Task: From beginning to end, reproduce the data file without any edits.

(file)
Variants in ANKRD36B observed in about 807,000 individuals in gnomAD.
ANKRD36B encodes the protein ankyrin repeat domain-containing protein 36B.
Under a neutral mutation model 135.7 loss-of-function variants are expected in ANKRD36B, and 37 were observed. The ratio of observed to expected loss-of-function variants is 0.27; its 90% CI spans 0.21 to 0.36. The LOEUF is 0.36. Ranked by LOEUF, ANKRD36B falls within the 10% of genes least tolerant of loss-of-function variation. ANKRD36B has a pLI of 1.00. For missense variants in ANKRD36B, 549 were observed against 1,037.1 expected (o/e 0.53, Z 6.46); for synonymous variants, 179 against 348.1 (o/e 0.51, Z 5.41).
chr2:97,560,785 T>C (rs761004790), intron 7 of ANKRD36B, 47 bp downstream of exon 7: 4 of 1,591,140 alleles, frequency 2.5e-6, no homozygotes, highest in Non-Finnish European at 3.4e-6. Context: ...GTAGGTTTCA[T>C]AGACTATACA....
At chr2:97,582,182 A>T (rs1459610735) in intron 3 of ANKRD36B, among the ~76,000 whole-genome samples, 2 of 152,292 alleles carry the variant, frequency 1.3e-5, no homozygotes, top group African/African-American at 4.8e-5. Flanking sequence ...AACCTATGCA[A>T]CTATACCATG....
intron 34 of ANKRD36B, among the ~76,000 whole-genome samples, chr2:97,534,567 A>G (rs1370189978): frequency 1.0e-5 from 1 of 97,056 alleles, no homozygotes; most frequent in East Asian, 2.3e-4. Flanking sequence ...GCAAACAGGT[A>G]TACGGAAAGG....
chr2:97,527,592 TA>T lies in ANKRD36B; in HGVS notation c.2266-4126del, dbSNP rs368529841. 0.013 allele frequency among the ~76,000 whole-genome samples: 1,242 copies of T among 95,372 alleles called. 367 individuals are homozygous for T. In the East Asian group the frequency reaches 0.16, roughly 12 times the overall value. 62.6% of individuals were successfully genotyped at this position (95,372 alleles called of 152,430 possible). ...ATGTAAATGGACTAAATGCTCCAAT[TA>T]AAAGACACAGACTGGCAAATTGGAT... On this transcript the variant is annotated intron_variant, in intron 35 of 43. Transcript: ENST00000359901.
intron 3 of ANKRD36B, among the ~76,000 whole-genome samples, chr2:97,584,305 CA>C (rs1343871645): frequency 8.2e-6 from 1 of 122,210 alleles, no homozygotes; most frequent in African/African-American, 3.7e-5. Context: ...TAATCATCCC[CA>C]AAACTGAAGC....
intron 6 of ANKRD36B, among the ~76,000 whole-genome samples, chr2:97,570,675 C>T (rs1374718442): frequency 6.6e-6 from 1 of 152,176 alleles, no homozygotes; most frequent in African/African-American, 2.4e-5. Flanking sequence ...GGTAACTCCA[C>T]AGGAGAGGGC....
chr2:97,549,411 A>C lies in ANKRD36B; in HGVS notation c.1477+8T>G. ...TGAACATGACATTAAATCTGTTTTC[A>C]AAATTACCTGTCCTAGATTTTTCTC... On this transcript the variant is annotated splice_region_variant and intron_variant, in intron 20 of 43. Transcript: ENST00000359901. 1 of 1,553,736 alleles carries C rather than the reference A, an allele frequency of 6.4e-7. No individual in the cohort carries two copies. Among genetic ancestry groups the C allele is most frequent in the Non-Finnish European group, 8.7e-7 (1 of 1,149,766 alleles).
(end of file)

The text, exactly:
Variants in ANKRD36B observed in about 807,000 individuals in gnomAD.
ANKRD36B encodes the protein ankyrin repeat domain-containing protein 36B.
Under a neutral mutation model 135.7 loss-of-function variants are expected in ANKRD36B, and 37 were observed. The ratio of observed to expected loss-of-function variants is 0.27; its 90% CI spans 0.21 to 0.36. The LOEUF is 0.36. Ranked by LOEUF, ANKRD36B falls within the 10% of genes least tolerant of loss-of-function variation. ANKRD36B has a pLI of 1.00. For missense variants in ANKRD36B, 549 were observed against 1,037.1 expected (o/e 0.53, Z 6.46); for synonymous variants, 179 against 348.1 (o/e 0.51, Z 5.41).
chr2:97,560,785 T>C (rs761004790), intron 7 of ANKRD36B, 47 bp downstream of exon 7: 4 of 1,591,140 alleles, frequency 2.5e-6, no homozygotes, highest in Non-Finnish European at 3.4e-6. Context: ...GTAGGTTTCA[T>C]AGACTATACA....
At chr2:97,582,182 A>T (rs1459610735) in intron 3 of ANKRD36B, among the ~76,000 whole-genome samples, 2 of 152,292 alleles carry the variant, frequency 1.3e-5, no homozygotes, top group African/African-American at 4.8e-5. Flanking sequence ...AACCTATGCA[A>T]CTATACCATG....
intron 34 of ANKRD36B, among the ~76,000 whole-genome samples, chr2:97,534,567 A>G (rs1370189978): frequency 1.0e-5 from 1 of 97,056 alleles, no homozygotes; most frequent in East Asian, 2.3e-4. Flanking sequence ...GCAAACAGGT[A>G]TACGGAAAGG....
chr2:97,527,592 TA>T lies in ANKRD36B; in HGVS notation c.2266-4126del, dbSNP rs368529841. 0.013 allele frequency among the ~76,000 whole-genome samples: 1,242 copies of T among 95,372 alleles called. 367 individuals are homozygous for T. In the East Asian group the frequency reaches 0.16, roughly 12 times the overall value. 62.6% of individuals were successfully genotyped at this position (95,372 alleles called of 152,430 possible). ...ATGTAAATGGACTAAATGCTCCAAT[TA>T]AAAGACACAGACTGGCAAATTGGAT... On this transcript the variant is annotated intron_variant, in intron 35 of 43. Transcript: ENST00000359901.
intron 3 of ANKRD36B, among the ~76,000 whole-genome samples, chr2:97,584,305 CA>C (rs1343871645): frequency 8.2e-6 from 1 of 122,210 alleles, no homozygotes; most frequent in African/African-American, 3.7e-5. Context: ...TAATCATCCC[CA>C]AAACTGAAGC....
intron 6 of ANKRD36B, among the ~76,000 whole-genome samples, chr2:97,570,675 C>T (rs1374718442): frequency 6.6e-6 from 1 of 152,176 alleles, no homozygotes; most frequent in African/African-American, 2.4e-5. Flanking sequence ...GGTAACTCCA[C>T]AGGAGAGGGC....
chr2:97,549,411 A>C lies in ANKRD36B; in HGVS notation c.1477+8T>G. ...TGAACATGACATTAAATCTGTTTTC[A>C]AAATTACCTGTCCTAGATTTTTCTC... On this transcript the variant is annotated splice_region_variant and intron_variant, in intron 20 of 43. Transcript: ENST00000359901. 1 of 1,553,736 alleles carries C rather than the reference A, an allele frequency of 6.4e-7. No individual in the cohort carries two copies. Among genetic ancestry groups the C allele is most frequent in the Non-Finnish European group, 8.7e-7 (1 of 1,149,766 alleles).